Hello community!
As I understand from what I have read in Julia’s optimization section, “Performance critical code should be inside a function”.
My code has several for loops that fill the created arrays, my question is: To make the execution faster, is it better to create the array outside the function or inside the function?
I think that if I create it outside, the function is only in charge of filling it with elements, on the other hand, if I create it inside, the function is in charge of creating the matrix and filling it with elements, which would demand more memory.

I don’t know if it’s a good idea to put my code here since it’s like 600 lines long, so here is an easy example. I hope it helps your understanding.

x::Matrix{Float64} = zeros(1,1000)
y = -1.0
function example(x,y)
for i = 1:1000
x[1,i] = i^2 + 10y
end
return x
end

or it would be faster to:

y = -1.0
function example2(y)
x::Matrix{Float64} = zeros(1,1000)
for i = 1:1000
x[1,i] = i^2 + 10y
end
return x
end

I know i can measure it with @time or @btime, but i would like to know the “computationally” correct answer, not the one i got by repeting the exercise.

When performance matters, it’s good to provide a mutating interface (function). It’s possible to additionally provide an allocating interface (function), which could just call the mutating interface after allocating the data structure.

NB: in Julia, it’s common and preferred to have the name of a function that mutates its arguments end with a bang (!). See Style Guide · The Julia Language

“Allocating” is what you called “the function is in charge of creating the matrix”. The function example2 has to allocate memory to put the matrix into. If instead the function example takes the matrix as an argument, the matrix is pre-allocated so it’s faster.

You can do

# nonallocating function mutates its x argument
function example!(x, y)
for i in eachindex(y)
x[i] = 10 * y[i]
end
x
end
# allocating version creates an x and then calls the nonallocating version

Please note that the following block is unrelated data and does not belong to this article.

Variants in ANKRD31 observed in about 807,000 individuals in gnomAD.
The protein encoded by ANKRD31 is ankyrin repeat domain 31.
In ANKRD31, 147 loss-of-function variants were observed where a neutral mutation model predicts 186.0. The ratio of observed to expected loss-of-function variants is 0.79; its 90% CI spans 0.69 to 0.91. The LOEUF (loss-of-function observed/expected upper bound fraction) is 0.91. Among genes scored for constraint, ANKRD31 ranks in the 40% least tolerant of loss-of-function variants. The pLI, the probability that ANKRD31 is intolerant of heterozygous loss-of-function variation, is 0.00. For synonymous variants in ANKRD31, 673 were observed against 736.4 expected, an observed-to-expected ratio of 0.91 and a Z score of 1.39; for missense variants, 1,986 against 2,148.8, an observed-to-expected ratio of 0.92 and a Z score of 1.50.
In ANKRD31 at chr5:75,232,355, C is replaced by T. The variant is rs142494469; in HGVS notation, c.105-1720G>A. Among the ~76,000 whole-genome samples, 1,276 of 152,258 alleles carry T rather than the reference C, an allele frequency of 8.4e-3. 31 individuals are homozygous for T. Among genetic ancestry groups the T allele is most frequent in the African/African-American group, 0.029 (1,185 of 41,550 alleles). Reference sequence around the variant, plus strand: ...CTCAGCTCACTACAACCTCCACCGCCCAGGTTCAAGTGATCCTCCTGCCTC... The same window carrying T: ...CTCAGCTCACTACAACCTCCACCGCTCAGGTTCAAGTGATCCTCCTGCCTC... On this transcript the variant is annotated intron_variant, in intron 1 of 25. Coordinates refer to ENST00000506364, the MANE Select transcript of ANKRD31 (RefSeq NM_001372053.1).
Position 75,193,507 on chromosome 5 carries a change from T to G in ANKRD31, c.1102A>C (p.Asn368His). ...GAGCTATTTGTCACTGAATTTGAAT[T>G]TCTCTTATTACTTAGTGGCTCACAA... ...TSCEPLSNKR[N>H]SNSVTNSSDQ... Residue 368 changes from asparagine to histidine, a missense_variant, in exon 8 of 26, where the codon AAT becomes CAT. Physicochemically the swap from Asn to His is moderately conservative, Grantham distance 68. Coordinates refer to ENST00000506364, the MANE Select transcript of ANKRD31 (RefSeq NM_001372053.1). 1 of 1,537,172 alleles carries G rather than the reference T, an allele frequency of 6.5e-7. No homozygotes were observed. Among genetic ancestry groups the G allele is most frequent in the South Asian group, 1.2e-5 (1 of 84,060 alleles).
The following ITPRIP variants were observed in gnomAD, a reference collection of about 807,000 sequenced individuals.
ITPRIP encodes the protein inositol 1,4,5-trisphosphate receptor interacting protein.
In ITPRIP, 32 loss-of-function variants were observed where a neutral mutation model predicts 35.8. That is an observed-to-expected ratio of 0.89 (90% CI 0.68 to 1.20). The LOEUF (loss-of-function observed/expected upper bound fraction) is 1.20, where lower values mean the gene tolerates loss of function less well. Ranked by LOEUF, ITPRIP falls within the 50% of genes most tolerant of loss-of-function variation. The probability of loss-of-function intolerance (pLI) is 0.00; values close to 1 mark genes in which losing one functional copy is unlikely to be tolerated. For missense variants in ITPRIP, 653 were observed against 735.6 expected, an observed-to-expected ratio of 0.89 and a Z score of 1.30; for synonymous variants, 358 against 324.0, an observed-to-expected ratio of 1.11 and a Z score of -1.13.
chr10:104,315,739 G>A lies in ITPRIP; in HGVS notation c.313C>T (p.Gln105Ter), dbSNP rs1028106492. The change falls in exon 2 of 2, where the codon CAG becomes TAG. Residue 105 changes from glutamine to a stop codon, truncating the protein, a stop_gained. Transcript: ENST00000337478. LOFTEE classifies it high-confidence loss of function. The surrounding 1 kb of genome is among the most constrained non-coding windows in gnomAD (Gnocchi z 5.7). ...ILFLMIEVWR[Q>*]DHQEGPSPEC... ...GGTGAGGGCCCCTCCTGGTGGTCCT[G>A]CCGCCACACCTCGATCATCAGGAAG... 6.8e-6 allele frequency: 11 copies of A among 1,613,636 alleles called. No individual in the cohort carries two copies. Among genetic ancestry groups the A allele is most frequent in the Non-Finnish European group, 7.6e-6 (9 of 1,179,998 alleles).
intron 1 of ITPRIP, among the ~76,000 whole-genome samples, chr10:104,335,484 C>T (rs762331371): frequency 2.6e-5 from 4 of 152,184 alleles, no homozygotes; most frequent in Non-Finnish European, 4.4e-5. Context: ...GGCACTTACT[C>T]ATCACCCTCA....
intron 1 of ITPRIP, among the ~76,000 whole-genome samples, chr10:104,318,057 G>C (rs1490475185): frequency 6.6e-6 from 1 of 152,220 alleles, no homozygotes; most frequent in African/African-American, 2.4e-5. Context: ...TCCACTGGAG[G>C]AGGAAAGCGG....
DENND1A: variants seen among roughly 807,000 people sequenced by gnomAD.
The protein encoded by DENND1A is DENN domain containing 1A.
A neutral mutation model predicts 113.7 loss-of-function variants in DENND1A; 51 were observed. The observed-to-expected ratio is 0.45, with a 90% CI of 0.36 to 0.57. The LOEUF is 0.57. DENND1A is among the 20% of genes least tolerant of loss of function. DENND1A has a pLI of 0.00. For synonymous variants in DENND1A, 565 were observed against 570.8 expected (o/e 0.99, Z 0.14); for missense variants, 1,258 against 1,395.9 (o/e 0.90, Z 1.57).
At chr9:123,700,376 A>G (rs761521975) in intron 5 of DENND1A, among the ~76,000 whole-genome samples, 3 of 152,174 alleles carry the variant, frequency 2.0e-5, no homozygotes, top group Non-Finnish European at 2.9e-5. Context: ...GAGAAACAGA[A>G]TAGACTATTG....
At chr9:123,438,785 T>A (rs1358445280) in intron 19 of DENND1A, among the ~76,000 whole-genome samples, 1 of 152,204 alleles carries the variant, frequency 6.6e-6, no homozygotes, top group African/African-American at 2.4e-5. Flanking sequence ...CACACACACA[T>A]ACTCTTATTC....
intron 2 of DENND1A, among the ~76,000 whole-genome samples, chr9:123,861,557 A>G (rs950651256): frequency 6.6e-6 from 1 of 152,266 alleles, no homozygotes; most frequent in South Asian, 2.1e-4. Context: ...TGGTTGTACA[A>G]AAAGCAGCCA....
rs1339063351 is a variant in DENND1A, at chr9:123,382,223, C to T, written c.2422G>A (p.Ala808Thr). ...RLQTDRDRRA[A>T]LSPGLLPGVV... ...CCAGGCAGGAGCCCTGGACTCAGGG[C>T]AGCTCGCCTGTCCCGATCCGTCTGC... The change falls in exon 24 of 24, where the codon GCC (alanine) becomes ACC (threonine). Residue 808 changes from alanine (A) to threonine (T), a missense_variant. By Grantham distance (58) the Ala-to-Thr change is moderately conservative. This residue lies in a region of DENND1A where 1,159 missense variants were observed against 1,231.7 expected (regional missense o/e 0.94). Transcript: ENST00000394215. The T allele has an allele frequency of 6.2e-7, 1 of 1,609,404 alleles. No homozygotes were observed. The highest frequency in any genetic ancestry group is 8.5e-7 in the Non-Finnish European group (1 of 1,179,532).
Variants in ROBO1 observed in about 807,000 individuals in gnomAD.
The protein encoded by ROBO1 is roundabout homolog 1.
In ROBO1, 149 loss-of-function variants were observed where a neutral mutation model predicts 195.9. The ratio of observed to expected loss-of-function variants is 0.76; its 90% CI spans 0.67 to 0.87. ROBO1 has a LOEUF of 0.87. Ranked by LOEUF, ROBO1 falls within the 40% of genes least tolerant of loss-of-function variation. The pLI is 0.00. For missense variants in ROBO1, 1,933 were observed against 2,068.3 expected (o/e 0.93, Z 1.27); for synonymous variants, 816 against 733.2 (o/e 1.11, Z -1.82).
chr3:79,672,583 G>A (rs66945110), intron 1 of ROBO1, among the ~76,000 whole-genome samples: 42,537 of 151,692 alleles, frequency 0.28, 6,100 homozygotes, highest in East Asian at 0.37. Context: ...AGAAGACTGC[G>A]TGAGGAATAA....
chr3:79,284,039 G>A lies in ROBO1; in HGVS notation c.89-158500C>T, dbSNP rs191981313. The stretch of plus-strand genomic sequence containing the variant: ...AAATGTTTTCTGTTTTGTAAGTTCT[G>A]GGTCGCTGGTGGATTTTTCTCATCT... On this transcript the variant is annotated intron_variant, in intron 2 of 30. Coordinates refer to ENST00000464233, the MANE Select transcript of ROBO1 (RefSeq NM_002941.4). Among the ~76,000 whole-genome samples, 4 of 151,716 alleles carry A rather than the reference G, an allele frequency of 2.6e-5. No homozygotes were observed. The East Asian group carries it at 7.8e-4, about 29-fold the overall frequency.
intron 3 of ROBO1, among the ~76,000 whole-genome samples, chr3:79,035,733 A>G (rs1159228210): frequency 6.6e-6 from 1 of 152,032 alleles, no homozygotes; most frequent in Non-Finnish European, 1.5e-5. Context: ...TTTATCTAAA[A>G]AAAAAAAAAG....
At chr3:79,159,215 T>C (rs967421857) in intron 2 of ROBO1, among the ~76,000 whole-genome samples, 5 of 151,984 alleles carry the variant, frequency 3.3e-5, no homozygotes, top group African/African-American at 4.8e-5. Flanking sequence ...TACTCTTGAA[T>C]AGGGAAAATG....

function example(y)
x = similar(y)
example!(x, y)
end

If we take the code at face value i.e. we don’t try to change its structure, then the right answer here is to construct the matrix inside the function. This makes the function self-contained and therefore makes the code cleaner.

As is, you’ve already added a type hint to x, so there shouldn’t be any speed-up by putting the zeros inside the function.

We don’t have enough information to answer definitively. If you only run the function once, it doesn’t matter, performance-wise, whether you allocate it outside or inside. It will anyway be allocated once, and filled once.

The difference occurs when you run the function multiple times. If you can reuse the matrix, then naturally it’s faster to only allocate once outside the function, and repeatedly fill it inside.

I am a little bit suspicious that you are a recent Matlab convert, and that you should be creating a one-dimensional Vector rather than a two-dimensional Matrix. Note that unlike Matlab, Julia supports true, one-dimensional arrays, known as Vectors for short. You would create such an object as follows:

x = zeros(1000)

Note that it is not necessary to provide a type annotation for x—Julia will know the type automatically, because a single, integer argument to the zeros function will generate an array of type Vector{Float64} (an alias for the slightly more verbose Array{Float64,1}).

If these comments are misdirected, please forgive me. I have seen this mistake made frequently in the past.

In addition to the remarks by @PeterSimon, there’s also the risky code snippet above. This will work well for arrays of one particular size, but fail or error for other sizes. Make sure to check the array size inside the function when iterating over its elements.